Most other UC rules are standard – ie, the same as in UC gateway areas. There are differences (mainly minor, but the individual case is all) in areas like reporting of childcare costs, assessment periods when a couple form or split up and the calculation of new awards. The UC ‘six-month’ rule, under which a claimant not entitled to UC because of excess earnings remains a UC ‘claimant’ for six months (and so unable to make a new claim for legacy benefits or tax credits), does not apply in the full service. But that is only because in a full service area a new claim for those cannot be made in any case.
UC full service: matters arising
When an area becomes a UC full service area, as there are no gateway conditions, any new claim for UC results in the UC rules being applied. This has obvious consequences for new claimants. Even if they do not actually claim UC, rules prevent new claims for legacy benefits or tax credits being made in UC areas (even if they would be entitled). So new claimants are effectively obliged to claim UC. As in other UC areas, entitlement to UC means any entitlement to a legacy benefit or tax credit cannot begin or continue.6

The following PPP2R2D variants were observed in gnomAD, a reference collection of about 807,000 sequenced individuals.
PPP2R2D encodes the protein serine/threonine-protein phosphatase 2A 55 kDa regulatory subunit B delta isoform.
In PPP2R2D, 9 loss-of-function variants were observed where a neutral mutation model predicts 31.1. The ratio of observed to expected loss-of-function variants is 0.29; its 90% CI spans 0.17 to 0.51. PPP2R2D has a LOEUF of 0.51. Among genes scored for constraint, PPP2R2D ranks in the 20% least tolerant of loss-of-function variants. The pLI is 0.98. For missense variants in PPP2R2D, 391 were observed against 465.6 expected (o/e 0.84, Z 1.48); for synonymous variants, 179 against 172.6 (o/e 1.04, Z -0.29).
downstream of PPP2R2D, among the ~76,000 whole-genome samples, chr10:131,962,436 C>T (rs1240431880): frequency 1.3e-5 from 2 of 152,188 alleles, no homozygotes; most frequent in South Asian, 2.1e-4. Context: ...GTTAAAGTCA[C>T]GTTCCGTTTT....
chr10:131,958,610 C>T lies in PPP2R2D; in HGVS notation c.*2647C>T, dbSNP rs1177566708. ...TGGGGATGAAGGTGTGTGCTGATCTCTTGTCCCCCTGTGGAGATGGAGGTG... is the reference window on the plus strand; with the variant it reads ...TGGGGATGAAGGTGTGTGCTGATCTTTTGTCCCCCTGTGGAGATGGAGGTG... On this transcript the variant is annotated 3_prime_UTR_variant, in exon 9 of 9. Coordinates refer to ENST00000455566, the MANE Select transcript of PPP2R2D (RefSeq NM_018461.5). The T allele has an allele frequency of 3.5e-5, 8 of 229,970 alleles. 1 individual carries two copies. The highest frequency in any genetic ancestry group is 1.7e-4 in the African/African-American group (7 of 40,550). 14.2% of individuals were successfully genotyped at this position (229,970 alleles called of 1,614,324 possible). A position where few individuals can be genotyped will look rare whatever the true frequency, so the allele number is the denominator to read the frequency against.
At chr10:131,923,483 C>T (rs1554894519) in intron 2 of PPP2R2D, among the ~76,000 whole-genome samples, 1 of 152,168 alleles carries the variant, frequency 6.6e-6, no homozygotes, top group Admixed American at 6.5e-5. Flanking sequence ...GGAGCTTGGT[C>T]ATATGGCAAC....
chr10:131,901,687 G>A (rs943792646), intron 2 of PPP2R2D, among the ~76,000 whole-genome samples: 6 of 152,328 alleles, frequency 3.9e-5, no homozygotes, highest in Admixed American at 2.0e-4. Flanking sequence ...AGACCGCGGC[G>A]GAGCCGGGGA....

As all new claimants are affected, some issues already arising with legacy benefits will arise in arise in a UC context for the first time – such as the work capability assessment, conditionality and sanctions and the right to reside test (European nationals will be making UC claims in full service areas).
The full service and current claimants
For the time being, current claimants of legacy benefits and tax credits are not automatically affected when their area becomes a UC full service area. Official migration of such current claims is not due to begin until 2018.
However, current claimants who (usually following a change of circumstances) are prompted to make a new claim for another legacy benefit or tax credit (as well, of course, as for UC itself) will be affected.
- Firstly, the rule thatsomeone in a full service area cannot make a new claim for a legacy benefit or tax credit will apply.7
- Secondly, the general rule (ie, one that applies in all UC areas) that someone entitled to UC cannot also be entitled to any legacy benefit or tax credit will also apply, should s/he consequently claim and get UC.8
- Finally, the general rule under which a claim for UC or a new claim for JSA or ESA can trigger the abolition of income-based JSA and income-related ESA will also apply.9